1. Girls and women's access-barriers to education.2. Loss of access to education -teachers, facilities, and material- due to temporal displacement or erosion of livelihoods.3. Short commitment patterns to volunteering.4. Disconnected individual efforts to help.
1 Card 1 Child is based in correspondence courses, design for play activities and talking with migrants at stop lights. The goal of this initiative is to activate educational activities through trustworthy enhaced, educational resources, providing an efficient and inexpensive access to them. It envisions using the capacity in place (humanitarian personnel and non-affiliate "volunteers") to maximize the coverage of educational activities.WHAT ARE YOU DOING THAT IS DIFFERENT FROM SIMILAR INITIATIVES?We bring together the mobility of knowledge and ease of delivery, characteristic particular to study cards, with the platform that links diverse, otherwise disconnected, volunteering efforts, into impactful actions.WHAT UNIQUE ADVANTAGES DO YOU HAVE TO IMPLEMENT THIS INNOVATION?Ability to approach and understand protracted-crises situations with System Dynamics expertise to laser-focus efforts on causes.WHAT ARE OTHER ORGANIZATIONS ADDRESSING THE CHALLENGE USING A SIMILAR APPROACH?Other initiatives have made efforts to deliver material about Emotional Intelligence (https://goo.gl/afek9r) and System Thinking through a similar approach (https://goo.gl/eMP6ji) (https://goo.gl/yD8FHt)WHAT IS DIFFERENT ABOUT YOUR IDEA AND WHY DO YOU BELIEVE YOURS WILL BE MORE SUCCESSFUL?Human-centered knowledge created by the beneficiaries instead of a top-down content which validates relevancy of the study cards contents.
Girls and women are usually disproportionately affected in crisis-situations. Considering that their experience is the result of collective action, we need to address the situation systemically. We intend to serve two populations, the nearest communities to the crises and the girls and women on it. The nearest communities will benefit from gaining civil abilities to face society's problems. And the girls and young women will take advantage of an organized effort to provide access to knowledge.For example in the case study presented in this proposal: youth that migrates through Mexico by foot from Central America to the USA. Two indicators will measure the success of the progress: 1. Growth on geographical volunteer density (volunteers per sq. km.)2. Perceived agency of migrating girls and young women to confront their experience.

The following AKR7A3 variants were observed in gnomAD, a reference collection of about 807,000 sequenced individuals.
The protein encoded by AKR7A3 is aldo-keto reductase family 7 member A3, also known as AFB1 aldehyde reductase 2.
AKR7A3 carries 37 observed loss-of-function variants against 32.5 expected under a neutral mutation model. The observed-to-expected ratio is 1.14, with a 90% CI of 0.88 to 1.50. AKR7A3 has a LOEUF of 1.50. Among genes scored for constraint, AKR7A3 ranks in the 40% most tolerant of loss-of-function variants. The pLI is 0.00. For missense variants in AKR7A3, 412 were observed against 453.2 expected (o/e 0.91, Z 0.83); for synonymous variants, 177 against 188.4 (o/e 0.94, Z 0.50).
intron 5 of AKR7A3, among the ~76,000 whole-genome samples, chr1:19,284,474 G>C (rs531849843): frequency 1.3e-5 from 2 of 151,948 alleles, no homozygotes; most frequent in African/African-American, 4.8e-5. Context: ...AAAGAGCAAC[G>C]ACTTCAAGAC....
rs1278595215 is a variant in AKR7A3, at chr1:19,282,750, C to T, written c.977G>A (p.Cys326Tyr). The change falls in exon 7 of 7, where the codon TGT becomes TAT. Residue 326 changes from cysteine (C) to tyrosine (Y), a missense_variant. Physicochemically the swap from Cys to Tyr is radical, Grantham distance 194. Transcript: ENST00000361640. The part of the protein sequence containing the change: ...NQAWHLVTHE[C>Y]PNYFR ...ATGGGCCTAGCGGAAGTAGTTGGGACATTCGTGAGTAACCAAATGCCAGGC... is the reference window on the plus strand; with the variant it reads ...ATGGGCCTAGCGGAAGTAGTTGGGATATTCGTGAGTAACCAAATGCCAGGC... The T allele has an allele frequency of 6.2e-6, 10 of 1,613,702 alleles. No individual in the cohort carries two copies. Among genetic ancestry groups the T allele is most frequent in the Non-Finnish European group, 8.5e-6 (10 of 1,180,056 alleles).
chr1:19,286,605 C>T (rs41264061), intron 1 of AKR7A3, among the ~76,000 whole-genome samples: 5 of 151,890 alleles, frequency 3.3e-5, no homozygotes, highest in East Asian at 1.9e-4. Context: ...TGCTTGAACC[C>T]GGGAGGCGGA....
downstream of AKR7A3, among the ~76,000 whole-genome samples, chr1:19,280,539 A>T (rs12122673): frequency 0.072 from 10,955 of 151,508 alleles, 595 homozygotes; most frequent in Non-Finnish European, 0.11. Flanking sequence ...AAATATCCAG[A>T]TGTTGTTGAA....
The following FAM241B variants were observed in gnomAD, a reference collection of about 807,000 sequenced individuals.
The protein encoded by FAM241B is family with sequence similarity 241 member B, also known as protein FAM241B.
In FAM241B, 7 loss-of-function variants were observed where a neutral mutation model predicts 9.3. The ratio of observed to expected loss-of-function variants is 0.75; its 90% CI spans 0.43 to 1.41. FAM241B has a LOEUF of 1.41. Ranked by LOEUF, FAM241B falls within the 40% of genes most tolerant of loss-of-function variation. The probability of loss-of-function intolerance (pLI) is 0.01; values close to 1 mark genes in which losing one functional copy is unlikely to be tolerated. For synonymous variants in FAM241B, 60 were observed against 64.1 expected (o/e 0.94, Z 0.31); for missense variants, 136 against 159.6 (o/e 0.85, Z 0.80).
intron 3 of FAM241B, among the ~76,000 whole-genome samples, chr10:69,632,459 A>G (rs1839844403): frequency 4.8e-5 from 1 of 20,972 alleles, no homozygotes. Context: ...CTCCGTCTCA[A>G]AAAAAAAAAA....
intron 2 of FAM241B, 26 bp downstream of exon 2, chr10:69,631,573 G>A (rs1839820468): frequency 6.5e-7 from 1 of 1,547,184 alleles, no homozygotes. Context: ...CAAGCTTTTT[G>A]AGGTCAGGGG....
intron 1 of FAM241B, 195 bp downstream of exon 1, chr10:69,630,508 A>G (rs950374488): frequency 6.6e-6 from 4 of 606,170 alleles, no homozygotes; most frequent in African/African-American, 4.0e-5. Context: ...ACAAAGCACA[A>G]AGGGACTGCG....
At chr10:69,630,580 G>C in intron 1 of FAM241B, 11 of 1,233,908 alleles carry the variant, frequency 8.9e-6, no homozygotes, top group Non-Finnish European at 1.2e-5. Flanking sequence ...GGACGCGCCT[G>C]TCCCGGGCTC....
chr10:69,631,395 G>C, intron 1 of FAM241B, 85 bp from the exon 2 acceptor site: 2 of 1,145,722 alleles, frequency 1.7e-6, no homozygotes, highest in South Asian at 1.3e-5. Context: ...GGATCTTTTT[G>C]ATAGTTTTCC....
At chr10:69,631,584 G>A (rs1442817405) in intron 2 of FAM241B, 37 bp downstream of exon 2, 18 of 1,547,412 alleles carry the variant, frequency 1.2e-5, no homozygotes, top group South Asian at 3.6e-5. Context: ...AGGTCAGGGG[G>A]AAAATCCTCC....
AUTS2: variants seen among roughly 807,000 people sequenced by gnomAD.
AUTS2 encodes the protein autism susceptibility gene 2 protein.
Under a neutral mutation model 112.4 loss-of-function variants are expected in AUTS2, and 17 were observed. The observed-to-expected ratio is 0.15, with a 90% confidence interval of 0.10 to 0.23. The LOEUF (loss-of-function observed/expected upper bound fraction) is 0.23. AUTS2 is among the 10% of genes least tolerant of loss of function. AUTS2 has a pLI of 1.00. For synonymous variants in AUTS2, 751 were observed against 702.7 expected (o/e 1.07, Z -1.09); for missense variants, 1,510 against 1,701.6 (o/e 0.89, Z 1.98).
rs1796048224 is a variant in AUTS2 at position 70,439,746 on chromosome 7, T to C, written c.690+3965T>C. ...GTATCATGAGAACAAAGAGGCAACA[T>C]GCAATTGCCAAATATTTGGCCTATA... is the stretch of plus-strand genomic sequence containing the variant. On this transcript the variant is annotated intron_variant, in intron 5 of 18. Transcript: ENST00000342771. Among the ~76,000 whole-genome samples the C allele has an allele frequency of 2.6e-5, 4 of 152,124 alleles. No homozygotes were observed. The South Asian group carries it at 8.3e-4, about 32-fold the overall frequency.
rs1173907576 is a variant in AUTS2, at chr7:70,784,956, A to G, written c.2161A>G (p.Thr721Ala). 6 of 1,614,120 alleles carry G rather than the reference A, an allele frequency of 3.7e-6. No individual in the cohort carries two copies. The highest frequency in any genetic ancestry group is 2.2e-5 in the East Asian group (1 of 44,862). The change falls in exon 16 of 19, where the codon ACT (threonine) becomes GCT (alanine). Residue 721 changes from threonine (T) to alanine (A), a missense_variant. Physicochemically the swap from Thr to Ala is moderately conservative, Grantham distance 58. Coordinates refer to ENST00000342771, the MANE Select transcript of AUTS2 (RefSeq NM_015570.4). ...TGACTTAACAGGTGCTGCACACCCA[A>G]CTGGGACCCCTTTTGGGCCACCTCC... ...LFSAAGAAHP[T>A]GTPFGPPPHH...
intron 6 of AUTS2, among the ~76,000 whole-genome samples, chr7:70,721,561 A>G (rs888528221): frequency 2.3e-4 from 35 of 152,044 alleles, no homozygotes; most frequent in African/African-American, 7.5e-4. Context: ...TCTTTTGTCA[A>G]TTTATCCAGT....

Mission and Vision
we work to supply study-cards to girls and young women in displaced populations; handing them out by the closest agent of change
Study cards are one of the most common educational tools. They are affordable, easy to replace and a way to review key content. Moreover, they are not subject to schools, electricity, or teachers to be activated. They represent an excellent medium to deploy a -continuous- educational experience during emergency situations. One important feature to consider when filling emergency's educational gap is to develop enhanced knowledge that addresses the emotional needs and the time barriers to educational activities. In this regard, 1Card1Child will develop its content guided by Design for Play and System Thinking methods.Under the supervision of Dr. Kopainsky (https://goo.gl/DyFDbp) at University of Bergen, along the past two years and a half, 1Card1Child has built an understanding of change through educational applications of system thinking, specifically, using System Dynamics to tackle food security in protracted crises (https://goo.gl/qhqoiZ).With these two guiding lines: System Dynamics and Design for Play, and the firm belief that a tighter social fabric enables sustainable development, we have designed a framework to supply education to girls and young women in protracted crises:DEVELOP: We create relevant content to the situation by first generating a thorough understanding of it.ENGAGE: We transform the desire to help, into action by linking volunteers capacities.SUPPLY: We equip the nearest agent of change with trustworthy educational resources.
Relatively few refugee education projects focus on secondary education: most educational innovation takes place at either primary or tertiary level. Organisations such as Kiron and Jamiya Project that aim to increase access to higher education have experienced that the education gap for refugee students is so great that they need other interventions to help fill it. The Sky School Diploma, - a blended high school degree that aims to specifically serve refugee students - is our key innovation. Other initiatives leveraging technology at secondary level, e.g. Edraak aim to supplement national curriculums, but are unable to provide accredited courses leading to a high school diploma. Other independent initiatives may tackle this issue by building new secondary schools. Governments invest resources in creating double shits in public schools. While this is important, it is not easily adaptable and takes a considerable time and effort to reach the numbers of students who need educati